Divided We View
How our current media landscape contributes to America's polarized electorate
Rachel Davis Mersey (l.) discusses the role of news networks
in creating an informed voting public with political scientist
and IPR associate Traci Burch.
A 2012 poll revealed that 68 percent of Republicans trust Fox News while 57 percent of Democrats put their faith in PBS, ABC, and CNN. Why have Americans become so polarized in their news consumption?
IPR mass communications researcher Rachel Davis Mersey points to several factors, including how the public responds to news. In a media landscape saturated with 24/7 news coverage, nearly half of respondents feel overwhelmed by the amount of information available, and 40 percent say they cannot tell what is important.
These statistics came out of a survey of people living in Illinois’ Cook County that Mersey conducted. In an October 23 talk at Northwestern, she enumerated many reasons behind this “news bifurcation.” She covered time constraints, personal interests, mobile devices, and news reporting.
Mersey fingers identity to explain why more than half of media consumers often opt for partisan news sources. Ninety percent of respondents said they had no inclination to read things that did not reinforce their ideas and opinions, answer their questions, or fill some need in their own life.
“People feel smarter when they are told we agree with them; they don’t feel smarter when their ideas are challenged,” Mersey said.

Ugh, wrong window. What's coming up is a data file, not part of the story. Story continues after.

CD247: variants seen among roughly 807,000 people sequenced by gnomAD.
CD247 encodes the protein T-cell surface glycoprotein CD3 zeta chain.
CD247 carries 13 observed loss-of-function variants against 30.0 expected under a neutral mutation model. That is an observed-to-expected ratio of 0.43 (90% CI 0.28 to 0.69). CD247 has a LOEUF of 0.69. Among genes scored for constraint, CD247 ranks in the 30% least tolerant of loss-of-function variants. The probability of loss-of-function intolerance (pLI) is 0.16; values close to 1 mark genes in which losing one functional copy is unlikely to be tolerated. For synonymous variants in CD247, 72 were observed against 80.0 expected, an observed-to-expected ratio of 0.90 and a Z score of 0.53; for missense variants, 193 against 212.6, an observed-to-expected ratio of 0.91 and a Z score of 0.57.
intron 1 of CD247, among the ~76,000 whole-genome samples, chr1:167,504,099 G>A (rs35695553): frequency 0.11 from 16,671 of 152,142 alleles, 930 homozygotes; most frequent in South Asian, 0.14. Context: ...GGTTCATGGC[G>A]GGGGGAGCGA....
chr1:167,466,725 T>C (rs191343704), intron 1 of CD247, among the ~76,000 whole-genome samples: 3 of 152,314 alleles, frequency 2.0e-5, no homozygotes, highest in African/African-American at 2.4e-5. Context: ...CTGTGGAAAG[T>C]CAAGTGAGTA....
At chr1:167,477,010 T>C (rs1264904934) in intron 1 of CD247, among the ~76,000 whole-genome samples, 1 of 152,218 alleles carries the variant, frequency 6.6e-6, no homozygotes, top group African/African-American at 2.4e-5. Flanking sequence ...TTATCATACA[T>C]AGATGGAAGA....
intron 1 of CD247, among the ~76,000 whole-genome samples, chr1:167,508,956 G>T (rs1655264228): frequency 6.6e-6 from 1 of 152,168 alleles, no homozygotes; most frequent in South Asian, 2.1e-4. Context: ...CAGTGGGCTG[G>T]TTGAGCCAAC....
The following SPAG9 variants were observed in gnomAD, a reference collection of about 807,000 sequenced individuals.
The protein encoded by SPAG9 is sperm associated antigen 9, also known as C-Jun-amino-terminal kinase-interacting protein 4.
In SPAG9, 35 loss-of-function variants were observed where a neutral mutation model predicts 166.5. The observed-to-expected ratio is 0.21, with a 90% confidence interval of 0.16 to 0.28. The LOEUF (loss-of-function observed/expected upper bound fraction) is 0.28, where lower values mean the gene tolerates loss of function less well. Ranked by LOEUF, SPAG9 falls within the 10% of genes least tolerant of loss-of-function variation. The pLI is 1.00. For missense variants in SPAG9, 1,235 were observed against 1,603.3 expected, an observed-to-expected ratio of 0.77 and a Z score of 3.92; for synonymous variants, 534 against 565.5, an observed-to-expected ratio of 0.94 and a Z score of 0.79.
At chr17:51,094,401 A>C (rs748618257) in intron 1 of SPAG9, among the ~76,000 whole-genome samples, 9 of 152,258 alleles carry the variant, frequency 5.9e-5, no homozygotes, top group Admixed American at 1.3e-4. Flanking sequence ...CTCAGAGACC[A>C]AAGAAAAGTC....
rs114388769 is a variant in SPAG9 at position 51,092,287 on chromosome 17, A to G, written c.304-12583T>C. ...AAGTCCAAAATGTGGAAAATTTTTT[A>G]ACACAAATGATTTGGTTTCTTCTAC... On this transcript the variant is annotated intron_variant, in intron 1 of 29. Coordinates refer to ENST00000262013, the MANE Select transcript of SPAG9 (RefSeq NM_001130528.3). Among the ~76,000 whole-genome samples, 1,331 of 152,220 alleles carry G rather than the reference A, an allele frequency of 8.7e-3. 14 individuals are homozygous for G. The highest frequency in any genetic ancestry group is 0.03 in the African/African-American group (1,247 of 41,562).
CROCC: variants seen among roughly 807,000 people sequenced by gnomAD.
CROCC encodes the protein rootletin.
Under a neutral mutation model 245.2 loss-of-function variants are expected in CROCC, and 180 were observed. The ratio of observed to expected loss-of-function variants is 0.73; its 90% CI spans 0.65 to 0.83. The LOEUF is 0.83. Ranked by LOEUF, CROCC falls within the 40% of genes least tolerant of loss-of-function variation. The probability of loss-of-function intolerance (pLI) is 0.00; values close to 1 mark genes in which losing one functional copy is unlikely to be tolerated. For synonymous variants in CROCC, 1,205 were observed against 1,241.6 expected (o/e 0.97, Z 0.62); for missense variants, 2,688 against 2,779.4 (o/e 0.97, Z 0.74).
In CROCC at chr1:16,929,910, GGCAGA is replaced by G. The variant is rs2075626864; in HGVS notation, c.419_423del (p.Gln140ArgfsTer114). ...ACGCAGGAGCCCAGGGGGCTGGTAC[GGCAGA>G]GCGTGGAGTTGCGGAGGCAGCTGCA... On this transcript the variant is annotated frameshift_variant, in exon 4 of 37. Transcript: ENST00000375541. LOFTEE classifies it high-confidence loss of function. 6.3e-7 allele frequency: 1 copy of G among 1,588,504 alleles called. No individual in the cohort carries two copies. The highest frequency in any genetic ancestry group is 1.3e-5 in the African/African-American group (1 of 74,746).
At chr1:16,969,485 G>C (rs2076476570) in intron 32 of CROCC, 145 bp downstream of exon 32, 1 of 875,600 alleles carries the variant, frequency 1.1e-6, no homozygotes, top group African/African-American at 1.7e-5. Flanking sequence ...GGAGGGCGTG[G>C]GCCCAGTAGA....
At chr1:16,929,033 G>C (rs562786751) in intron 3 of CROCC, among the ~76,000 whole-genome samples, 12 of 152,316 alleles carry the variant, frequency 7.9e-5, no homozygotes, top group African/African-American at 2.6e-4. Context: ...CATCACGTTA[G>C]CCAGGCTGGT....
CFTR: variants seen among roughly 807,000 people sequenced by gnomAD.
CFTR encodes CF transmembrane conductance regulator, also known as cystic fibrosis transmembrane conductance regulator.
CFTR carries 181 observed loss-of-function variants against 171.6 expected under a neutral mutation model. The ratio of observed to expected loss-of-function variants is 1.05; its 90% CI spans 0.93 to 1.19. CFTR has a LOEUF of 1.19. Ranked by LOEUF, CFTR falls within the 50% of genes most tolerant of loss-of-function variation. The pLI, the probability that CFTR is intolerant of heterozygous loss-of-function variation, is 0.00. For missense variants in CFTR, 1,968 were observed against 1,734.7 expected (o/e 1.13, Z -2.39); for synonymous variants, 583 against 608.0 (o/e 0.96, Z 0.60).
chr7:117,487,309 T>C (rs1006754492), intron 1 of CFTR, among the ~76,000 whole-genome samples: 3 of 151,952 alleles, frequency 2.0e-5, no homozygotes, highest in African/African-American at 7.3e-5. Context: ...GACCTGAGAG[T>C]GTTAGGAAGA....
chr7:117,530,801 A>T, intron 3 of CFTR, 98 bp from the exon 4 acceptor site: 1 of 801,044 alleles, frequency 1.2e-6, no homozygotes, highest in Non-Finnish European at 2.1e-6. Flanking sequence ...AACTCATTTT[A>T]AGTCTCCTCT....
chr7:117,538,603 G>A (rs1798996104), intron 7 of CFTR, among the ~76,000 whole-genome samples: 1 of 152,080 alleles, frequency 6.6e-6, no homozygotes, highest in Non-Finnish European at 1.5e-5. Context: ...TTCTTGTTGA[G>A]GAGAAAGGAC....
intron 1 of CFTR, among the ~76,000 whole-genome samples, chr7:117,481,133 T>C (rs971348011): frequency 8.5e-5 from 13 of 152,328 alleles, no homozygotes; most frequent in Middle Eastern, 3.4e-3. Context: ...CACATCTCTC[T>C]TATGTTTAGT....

This identity issue has led to “very divergent messages,” she continued. To attract viewers, many news networks, both conservative and liberal, now offer what Mersey calls “counter-programming” rather than news coverage.
“Ultimately, they’re not delivering coverage to help inform people, but to inflame an argument,” Mersey said.
Yet the strategy does not always lead to increased viewer- or readership, she said, noting that liberal-leaning MSNBC was then rated no. 9. She offered examples of growing niche news organizations that offer smart, in-depth coverage such as The Economist and The Atlantic.
Returning to the issue of an electorate divided by news outlets, Mersey suggests offering more coverage of candidates and issues, in addition to developing new and more interesting ways to present the information.
“It’s not surprising that we have a divided electorate when the media environment is divisive and presenting information this way,” Mersey said. “Media companies need to become more informed about their users—and socially responsible enough to tell both sides of the story.”
Rachel Davis Mersey is associate professor of journalism and an IPR fellow.